Friday, 1 May 2015

Ashok Sinha | The Last Jews of Calcutta

Photo © Ashok Sinha-All Rights Reserved
Some years ago I had an interest in documenting the very few Jews still living in Egypt at that time, after many thousands of them left the country in 1956 and in subsequent years. I researched its feasibility, and determined that there were so few of them left that the project would fail. I also expected that they, mostly elderly and poor, would be hardly inclined to be photographed and talk about their lives, fearing the Egyptian government would take umbrage. So I let the project go.

While on my 2011 photo expedition-workshop The Cult of Durga in Kolkata, my group and I dropped by the Magen David Synagogue to see if there was anything worthwhile to photograph. It was coincidentally Yom Kippur (which we didn't know), but the synagogue was almost empty. The Muslim guard, who stood watch at its gate, called one of the congregants, and she agreed to let us in and photograph. With an estimated 25 Jews remaining in this city of 14 million people, the synagogue is now rarely used.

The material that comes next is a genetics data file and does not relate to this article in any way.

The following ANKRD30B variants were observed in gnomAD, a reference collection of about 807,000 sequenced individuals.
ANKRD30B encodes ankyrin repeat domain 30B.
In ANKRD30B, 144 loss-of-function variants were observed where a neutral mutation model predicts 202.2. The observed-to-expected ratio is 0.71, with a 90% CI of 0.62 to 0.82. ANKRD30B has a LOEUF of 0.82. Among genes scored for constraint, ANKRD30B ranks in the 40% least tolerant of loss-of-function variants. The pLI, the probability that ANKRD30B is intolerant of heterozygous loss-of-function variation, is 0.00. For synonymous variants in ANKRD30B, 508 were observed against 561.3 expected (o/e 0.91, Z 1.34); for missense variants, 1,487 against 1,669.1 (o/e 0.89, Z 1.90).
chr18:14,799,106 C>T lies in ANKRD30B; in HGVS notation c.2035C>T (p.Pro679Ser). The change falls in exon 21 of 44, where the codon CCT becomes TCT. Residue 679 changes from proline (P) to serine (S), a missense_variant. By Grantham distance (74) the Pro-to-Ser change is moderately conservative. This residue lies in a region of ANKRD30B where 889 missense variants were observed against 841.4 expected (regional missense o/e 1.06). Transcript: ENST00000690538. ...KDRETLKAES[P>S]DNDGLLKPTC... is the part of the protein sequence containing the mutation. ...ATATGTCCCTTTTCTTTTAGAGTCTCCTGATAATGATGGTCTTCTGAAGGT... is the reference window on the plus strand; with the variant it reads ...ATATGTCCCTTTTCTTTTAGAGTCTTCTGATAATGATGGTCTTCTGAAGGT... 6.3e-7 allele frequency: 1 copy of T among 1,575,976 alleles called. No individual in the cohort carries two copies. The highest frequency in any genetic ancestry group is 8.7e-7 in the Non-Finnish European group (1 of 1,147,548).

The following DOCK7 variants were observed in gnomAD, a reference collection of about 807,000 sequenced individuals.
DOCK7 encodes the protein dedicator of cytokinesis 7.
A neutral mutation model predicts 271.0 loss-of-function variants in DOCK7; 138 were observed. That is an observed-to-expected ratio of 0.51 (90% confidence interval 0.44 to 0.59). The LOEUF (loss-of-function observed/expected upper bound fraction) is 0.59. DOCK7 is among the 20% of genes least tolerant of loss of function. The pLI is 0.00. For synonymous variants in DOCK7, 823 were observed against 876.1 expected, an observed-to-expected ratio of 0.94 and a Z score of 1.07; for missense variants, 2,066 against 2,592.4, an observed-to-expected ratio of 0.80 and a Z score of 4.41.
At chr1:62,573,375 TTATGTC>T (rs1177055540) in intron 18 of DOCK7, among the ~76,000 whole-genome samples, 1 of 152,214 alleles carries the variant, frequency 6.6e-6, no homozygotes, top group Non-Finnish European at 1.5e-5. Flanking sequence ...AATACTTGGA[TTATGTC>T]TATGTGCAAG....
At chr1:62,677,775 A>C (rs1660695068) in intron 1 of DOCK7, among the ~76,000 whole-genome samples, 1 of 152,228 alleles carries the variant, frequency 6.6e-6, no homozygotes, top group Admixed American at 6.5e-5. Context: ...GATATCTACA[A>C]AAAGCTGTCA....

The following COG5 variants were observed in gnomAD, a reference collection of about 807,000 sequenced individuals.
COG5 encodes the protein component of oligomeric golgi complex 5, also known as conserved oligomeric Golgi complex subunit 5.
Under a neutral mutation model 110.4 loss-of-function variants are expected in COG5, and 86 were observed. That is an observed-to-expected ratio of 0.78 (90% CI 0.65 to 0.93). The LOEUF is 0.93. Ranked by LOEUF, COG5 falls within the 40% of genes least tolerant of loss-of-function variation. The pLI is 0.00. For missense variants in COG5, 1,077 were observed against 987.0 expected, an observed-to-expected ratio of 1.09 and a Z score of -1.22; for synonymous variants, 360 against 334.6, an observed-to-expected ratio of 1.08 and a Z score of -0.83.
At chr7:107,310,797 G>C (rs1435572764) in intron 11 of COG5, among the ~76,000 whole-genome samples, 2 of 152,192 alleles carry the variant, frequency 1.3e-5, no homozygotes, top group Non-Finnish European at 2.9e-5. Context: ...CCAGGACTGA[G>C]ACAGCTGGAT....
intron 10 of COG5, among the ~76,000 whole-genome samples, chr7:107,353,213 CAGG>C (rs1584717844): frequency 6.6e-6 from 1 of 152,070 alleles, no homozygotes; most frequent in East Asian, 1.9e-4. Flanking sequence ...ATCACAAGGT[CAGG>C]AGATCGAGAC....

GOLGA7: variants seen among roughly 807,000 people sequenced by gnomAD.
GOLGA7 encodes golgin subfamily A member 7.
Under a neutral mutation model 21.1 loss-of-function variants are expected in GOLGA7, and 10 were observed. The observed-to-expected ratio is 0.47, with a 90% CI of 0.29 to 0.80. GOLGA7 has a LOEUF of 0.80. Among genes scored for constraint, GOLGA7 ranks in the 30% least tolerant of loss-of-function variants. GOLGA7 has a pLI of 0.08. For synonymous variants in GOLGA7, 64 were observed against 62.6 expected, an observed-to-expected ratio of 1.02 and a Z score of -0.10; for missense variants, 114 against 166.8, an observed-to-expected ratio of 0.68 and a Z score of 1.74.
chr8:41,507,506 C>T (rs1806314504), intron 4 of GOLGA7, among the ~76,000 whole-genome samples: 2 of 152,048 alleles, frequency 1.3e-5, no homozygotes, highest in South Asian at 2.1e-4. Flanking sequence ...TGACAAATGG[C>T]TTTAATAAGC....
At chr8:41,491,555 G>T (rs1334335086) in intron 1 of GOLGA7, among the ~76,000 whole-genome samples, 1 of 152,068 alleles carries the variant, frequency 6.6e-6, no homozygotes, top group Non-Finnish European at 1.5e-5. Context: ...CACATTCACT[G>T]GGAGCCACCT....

Ashok has featured 28 photographs in a photo essay titled The Last Jews of Calcutta, which showcases the synagogue and the remnants of the congregation that remain. The Jews in Kolkata were Baghdadi (Iraqi) Jews who had emigrated from Baghdad and elsewhere in Iraq to large commercial Indian cities, including Mumbai and Madras as well.

Ashok Sinha was born in Kolkata, and has been living and working in New York City for the past two decades. He's been a professional photographer since 2008, shooting portraits, travel, and architecture, and traveled  to over 40 countries, photographing remote tribes, vast landscapes, local culture, food, and faces. He was educated at Columbia, NYU, and the International Center of Photography, and garnered acknowledgments from American Society of Media Photographers, Lucie Foundation, Photo District News, Association of Photographers UK, World Photographic Arts, and the BBC.